SECTION TEN
THE POETRY PAGE

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COLUMN SIXTY-SIX, DECEMBER 1, 2001
(Copyright © 2001 Al Aronowitz)

THEY CAME TO THIS PLACE HEAVY AND DISPLEASED
 
A silver screen of rain obscures the trees.
After the storm, fog hangs over the road
like the cloud of flesh that intimidates the world.
Then the porter comes with towels
to wipe dry the rows of deck chairs.
Always he says the weather will improve.
 

Sparrows rummage now among shades of yarrow.
It is not given them to pantomime selfishness.
So few of us are born to be tall boys
on boats who see across the water to a blond
image of all the common world means.
They smile, while others are beside themselves.
 

I saw down the road yesterday that someone
carved a heart into the bark of an old elm.
The letters "BL" and "GR" reside there
with hope this world lasts as long as timber.
Such falling in with words is dangerous.
That's why we got off to a bad start months ago.
 

Besides, what passes for desire in the Empire
does not work its magic anymore.
A middle aged woman, standing alone by the patio
with her bottled water and a hand on her hip,
waits for someone to break the silence.
She squints into the slant sunlight and sips.

  At dusk, I sit and watch the glide of boats.
Time within. Desire without. Nothing I write
makes a difference to the orbit of planets,
let alone who stays or goes. I write it anyway.
See how a breath of wind across the bank
reforms the river's lap to bright starlight.   ##

 * * *

THE ANCIENTS BELIEVED ALL THINGS WRITTEN WERE HOLY

For Dan L.

On campus lawns the leaves are orange and rose,
while hedgerows reach for evening's bony light.
Inside the deanís dark house a TV glows.
Outside, a one-tooth pumpkin grins with spite.  

A long and weary grumble haunts the quad.
Professors grouse, and shake a fist to God.
Their students turn again from will to wonít.
This month the trees give up, but flowers don't.  

It's funny how a man becomes a fool.
He kept his mouth shut while in graduate school,
then married a trophy blonde just for her looks
and now his belly goes before his books.  

So, leaves pile up, the gardener drags his rake,
and plants the bulbs that sleep upon the shelf.
We learn it is the same old give or take--
the knot that is the world, the knot of self.  ##

* * *

EXECUTIVE ORDER

 Some say a flight of birds shot up the way
a flock surprised leaps free from field or marsh.
But no, that flash was not just boys at play.
It was a strike and flame more swift and harsh.
Some say the river stopped its glide of light.
Some tried again the doors, but locks were jammed.
Some say the smoke was thick and dark as night--
The slow and subtle suck of being damned.
There was a crack, a roar, then floor to floor,
They fall--the sides like skin just peel away.
Who counts the stars? Who stripes the map of war?
The nudge of earth just said, "Do come this way."
  And so America both arms and mourns.
  God grants the rose. Be wary of the thorns.  ##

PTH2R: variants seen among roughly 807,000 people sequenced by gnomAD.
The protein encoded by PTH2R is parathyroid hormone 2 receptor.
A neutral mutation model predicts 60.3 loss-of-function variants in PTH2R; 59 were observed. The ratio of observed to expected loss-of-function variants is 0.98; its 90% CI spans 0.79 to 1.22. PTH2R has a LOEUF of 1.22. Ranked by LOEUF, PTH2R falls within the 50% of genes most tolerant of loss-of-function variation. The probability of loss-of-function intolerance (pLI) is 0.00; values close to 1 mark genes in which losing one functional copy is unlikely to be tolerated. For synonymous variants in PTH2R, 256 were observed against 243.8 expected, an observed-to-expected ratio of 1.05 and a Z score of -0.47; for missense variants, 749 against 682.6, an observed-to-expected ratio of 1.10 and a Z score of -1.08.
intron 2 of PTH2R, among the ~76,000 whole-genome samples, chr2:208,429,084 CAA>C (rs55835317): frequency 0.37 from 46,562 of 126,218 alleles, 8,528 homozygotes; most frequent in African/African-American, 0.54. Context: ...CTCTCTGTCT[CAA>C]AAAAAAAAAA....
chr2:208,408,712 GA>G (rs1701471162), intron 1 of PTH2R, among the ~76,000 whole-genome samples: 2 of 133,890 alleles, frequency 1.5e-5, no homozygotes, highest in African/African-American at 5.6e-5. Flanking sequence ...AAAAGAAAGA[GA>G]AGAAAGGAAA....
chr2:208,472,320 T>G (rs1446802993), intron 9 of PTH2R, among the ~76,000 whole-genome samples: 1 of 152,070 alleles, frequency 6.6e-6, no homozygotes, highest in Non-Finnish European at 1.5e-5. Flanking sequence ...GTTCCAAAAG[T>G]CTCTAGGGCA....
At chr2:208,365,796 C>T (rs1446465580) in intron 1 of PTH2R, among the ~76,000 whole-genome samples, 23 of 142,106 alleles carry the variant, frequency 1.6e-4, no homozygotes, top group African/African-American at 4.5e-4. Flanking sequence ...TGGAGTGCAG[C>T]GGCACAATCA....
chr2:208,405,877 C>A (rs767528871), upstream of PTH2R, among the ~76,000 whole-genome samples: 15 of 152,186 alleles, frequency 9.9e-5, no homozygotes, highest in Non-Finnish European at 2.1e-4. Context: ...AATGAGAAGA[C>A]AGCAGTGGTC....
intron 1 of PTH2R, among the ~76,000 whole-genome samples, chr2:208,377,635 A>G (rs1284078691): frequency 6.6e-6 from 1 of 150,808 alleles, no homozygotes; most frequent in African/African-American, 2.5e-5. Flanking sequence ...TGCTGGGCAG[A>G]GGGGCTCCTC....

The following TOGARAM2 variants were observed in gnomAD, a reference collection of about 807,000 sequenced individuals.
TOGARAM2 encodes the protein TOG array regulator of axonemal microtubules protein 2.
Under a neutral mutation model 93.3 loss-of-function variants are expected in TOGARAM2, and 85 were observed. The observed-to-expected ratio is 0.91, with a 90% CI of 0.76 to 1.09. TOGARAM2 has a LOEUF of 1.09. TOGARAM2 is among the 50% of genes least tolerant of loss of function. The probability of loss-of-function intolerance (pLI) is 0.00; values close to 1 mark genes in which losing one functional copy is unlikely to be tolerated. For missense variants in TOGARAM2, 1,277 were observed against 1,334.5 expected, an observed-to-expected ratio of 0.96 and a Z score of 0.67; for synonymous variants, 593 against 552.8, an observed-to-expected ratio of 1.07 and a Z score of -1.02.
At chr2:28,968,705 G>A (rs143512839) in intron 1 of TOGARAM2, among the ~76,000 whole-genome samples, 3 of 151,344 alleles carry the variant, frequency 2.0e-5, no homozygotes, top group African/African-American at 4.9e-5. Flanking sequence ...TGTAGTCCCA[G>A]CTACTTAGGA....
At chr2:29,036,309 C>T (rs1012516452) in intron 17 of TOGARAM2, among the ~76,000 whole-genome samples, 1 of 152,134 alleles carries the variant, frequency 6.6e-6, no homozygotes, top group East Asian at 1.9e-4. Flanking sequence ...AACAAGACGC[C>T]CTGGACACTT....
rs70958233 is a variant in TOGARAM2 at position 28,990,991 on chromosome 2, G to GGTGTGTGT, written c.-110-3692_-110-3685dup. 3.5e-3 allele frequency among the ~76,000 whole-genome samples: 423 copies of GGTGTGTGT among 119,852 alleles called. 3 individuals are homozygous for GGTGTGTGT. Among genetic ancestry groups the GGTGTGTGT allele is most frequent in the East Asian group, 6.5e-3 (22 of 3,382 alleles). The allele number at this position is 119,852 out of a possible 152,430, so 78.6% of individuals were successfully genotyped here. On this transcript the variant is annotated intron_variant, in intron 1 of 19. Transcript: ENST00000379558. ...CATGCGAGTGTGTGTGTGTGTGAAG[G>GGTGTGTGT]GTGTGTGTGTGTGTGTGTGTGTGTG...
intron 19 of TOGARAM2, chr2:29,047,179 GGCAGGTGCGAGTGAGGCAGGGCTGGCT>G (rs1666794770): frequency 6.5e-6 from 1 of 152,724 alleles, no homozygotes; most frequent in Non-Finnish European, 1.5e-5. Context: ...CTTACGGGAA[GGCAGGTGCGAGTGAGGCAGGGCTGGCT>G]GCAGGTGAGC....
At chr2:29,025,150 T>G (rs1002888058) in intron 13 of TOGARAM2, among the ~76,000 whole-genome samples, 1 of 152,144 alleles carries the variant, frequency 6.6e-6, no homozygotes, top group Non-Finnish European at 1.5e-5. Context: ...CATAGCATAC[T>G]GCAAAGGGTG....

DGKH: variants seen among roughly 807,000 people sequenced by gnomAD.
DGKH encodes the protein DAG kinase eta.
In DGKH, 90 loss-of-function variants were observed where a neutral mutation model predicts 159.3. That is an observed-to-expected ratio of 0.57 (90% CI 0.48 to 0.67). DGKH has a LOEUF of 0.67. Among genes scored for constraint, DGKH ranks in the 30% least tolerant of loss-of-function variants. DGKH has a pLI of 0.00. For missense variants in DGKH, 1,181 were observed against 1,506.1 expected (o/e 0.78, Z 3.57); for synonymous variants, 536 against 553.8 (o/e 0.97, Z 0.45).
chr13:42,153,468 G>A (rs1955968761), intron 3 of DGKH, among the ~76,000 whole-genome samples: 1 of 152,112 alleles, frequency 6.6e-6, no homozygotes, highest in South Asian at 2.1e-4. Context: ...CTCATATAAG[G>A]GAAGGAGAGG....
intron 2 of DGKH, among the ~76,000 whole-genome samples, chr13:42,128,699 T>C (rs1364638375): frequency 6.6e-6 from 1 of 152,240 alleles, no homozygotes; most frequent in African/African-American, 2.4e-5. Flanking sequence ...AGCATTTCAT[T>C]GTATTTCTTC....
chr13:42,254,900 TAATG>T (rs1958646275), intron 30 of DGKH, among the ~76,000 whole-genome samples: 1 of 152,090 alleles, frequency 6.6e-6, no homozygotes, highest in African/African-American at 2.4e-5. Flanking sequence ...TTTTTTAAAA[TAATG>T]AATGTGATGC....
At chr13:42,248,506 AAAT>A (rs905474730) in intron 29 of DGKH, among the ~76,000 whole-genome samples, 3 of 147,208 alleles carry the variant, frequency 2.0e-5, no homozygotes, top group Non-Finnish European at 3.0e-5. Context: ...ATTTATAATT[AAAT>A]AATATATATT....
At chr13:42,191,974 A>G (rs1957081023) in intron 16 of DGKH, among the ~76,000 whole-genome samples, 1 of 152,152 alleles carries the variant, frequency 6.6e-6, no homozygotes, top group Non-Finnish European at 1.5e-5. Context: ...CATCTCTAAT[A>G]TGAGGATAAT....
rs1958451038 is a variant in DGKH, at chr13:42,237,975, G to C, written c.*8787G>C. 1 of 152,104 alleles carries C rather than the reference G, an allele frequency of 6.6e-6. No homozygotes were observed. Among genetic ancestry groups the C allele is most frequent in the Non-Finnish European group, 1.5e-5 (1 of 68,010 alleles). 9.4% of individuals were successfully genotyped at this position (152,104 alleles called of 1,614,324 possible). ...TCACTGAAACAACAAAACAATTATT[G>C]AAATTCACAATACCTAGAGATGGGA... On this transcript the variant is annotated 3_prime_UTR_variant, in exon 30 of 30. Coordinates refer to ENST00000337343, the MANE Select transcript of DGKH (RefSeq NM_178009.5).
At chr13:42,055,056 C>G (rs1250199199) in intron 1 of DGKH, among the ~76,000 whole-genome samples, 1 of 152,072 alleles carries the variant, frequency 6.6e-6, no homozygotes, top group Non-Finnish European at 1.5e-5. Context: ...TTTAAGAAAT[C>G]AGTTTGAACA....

* * *

LIVING THE LITERARY LIFE

November's moon comes up between bare trees.
Look! What a surprise. His roses grow.
The frost has not yet brought them to their knees,
But in a few more weeks they bow to snow.
He lights his pipe, then draws a breath of smoke.
It swirls away like milk poured in the sea.
That home his work would make, its also smoke,
And drifts to gauze and ghostly memory.
He juggled his desire with truth; how long?
For years he built a shrine; how many stones?
Of course, the critics say his books are wrong.
And now the moon taunts, bleached as white as bones.
Like smoke, as well, the names his lips engage
Just marry metaphors upon this page.  ##

* * *

STROM THURMOND SIGHTED ON THE D-DAY BEACH

The ships at sea are like a wall of gray.
I am afraid. I want to run, but stay.
My friend is shot. A bullet clefts his head.
A fraction parts the living from the dead.

The Nazis dragged him from his father's farm.
Like all the boys, he is a mystery to myself.
They hate the food, but wish the French no harm.
He fires...like shooting tin cans off a shelf.

The air and beach are ripped by steel sleet.
The sacrament of war confounds the wise.
Like wind that waves across a field of wheat,
The army's mass sweeps toward his drab disguise.

A shell explodes, my heart pounds in my chest.
I hope my mother knows I do my best.
The shrapnel sings, the wounded moan and wheeze.
I have him in my sights, but then I sneeze.  ##

* * *

CHILDíS PLAY  

A cloud of souls, the mist of all that's gone,
returns to cap with frost the picket posts.
So cold, and still hope burns like iodine.
See now a blanket of white where once was lawn.
December makes our words appear like ghosts.
 

Who comes in youth again to taste love's salt?
In wintertime desire is cellophane.
Once, boys at school, we played, his hand in mine,
but snowbound forts prevailed, time was at fault.
I scratched his name upon the windowpane.
 

The tendrils of our heart's desire all weave
an Eden of ice. We eat. Forgive our sin
that leads from wilderness to blank design.
Such tricks, with snowballs up his sleeve,
or hugs for tumbling down the hill, and then,
 

the glance of God, a fog, so far we fall
into the white and icy glory of His call.
Hold still. The hand of mercy gathers us.
We play again in snow and blue sunshine.
Show me your breath. Exhale. Here's mine.  ##

 * * *

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